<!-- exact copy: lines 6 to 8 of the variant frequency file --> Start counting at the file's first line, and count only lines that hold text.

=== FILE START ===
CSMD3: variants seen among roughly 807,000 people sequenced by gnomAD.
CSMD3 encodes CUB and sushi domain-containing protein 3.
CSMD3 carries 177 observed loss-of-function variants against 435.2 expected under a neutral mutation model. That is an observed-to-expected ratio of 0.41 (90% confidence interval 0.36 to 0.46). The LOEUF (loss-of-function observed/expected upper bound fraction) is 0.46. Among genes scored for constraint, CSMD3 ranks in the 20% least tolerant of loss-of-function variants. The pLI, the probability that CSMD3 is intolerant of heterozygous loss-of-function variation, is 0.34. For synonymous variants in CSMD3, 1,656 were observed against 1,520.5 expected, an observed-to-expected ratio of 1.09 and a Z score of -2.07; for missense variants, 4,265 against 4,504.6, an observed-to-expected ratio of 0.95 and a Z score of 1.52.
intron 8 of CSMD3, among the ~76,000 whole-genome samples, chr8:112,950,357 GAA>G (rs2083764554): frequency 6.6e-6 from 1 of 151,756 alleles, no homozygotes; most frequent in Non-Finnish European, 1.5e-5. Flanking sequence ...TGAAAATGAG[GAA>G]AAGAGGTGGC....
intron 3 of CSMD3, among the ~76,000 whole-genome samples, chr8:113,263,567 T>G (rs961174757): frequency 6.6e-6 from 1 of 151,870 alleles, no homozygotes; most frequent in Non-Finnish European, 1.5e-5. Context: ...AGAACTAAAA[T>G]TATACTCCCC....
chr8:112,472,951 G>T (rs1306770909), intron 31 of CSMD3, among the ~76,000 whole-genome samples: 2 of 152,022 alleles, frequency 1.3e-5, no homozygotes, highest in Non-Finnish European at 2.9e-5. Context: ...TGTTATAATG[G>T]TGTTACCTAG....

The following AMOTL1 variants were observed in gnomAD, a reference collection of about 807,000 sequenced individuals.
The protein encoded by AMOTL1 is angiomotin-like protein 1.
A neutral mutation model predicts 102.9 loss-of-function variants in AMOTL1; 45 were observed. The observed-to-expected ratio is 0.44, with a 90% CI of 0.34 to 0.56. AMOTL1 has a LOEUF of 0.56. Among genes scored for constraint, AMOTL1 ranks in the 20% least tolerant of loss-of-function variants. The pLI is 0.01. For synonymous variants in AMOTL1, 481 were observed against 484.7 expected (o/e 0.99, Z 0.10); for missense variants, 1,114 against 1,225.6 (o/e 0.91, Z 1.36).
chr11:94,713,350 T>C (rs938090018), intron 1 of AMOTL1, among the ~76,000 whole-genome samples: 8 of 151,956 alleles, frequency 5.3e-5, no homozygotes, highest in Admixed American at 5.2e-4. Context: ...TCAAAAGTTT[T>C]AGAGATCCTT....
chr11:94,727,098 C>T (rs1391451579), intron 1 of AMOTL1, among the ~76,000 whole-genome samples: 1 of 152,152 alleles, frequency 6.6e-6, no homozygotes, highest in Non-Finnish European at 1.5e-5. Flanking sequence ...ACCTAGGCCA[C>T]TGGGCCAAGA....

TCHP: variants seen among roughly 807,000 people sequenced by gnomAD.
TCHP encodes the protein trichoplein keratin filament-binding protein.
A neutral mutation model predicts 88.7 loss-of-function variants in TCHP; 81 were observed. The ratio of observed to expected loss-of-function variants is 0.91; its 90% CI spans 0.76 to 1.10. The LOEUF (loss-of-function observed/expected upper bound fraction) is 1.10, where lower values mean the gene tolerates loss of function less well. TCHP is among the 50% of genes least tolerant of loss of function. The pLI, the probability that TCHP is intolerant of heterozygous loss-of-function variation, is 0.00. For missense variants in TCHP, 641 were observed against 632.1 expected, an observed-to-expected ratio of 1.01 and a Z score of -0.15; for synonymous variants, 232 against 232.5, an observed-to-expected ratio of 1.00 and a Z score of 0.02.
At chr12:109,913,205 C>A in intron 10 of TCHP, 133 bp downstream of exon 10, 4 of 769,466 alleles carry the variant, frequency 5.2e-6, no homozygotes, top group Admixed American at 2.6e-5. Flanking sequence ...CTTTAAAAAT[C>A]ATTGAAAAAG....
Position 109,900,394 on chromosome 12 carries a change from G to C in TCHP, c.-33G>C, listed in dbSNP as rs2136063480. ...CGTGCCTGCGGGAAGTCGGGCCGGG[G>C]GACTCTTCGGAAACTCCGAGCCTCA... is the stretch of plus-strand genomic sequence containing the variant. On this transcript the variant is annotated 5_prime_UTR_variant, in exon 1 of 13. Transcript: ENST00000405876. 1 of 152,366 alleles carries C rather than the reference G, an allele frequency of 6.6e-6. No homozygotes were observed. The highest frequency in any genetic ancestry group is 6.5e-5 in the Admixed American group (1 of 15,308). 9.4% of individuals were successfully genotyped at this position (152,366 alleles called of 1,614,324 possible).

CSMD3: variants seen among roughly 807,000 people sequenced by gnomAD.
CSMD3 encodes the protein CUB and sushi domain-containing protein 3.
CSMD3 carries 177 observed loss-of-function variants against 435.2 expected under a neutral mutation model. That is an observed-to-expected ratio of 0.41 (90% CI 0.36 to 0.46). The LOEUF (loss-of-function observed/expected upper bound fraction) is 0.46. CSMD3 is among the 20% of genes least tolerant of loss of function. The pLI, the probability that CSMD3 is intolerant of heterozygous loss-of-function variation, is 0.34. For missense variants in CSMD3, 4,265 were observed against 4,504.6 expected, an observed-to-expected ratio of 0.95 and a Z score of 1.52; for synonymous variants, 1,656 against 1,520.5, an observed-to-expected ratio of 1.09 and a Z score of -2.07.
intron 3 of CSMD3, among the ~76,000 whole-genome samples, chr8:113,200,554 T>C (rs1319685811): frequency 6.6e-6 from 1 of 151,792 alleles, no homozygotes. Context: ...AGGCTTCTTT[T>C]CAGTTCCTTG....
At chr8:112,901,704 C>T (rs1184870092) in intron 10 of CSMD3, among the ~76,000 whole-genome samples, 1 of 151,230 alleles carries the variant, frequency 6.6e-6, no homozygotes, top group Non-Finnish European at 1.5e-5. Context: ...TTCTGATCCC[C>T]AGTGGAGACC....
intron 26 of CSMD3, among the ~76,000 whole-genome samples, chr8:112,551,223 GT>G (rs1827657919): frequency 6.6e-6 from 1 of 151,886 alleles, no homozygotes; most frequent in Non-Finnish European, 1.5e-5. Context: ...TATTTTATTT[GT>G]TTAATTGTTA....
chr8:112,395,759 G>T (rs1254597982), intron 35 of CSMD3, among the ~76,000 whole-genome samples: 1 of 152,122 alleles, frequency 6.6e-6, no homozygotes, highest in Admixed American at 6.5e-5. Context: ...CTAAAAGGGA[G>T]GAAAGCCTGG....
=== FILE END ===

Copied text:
chr8:112,472,951 G>T (rs1306770909), intron 31 of CSMD3, among the ~76,000 whole-genome samples: 2 of 152,022 alleles, frequency 1.3e-5, no homozygotes, highest in Non-Finnish European at 2.9e-5. Context: ...TGTTATAATG[G>T]TGTTACCTAG....

The following AMOTL1 variants were observed in gnomAD, a reference collection of about 807,000 sequenced individuals.
The protein encoded by AMOTL1 is angiomotin-like protein 1.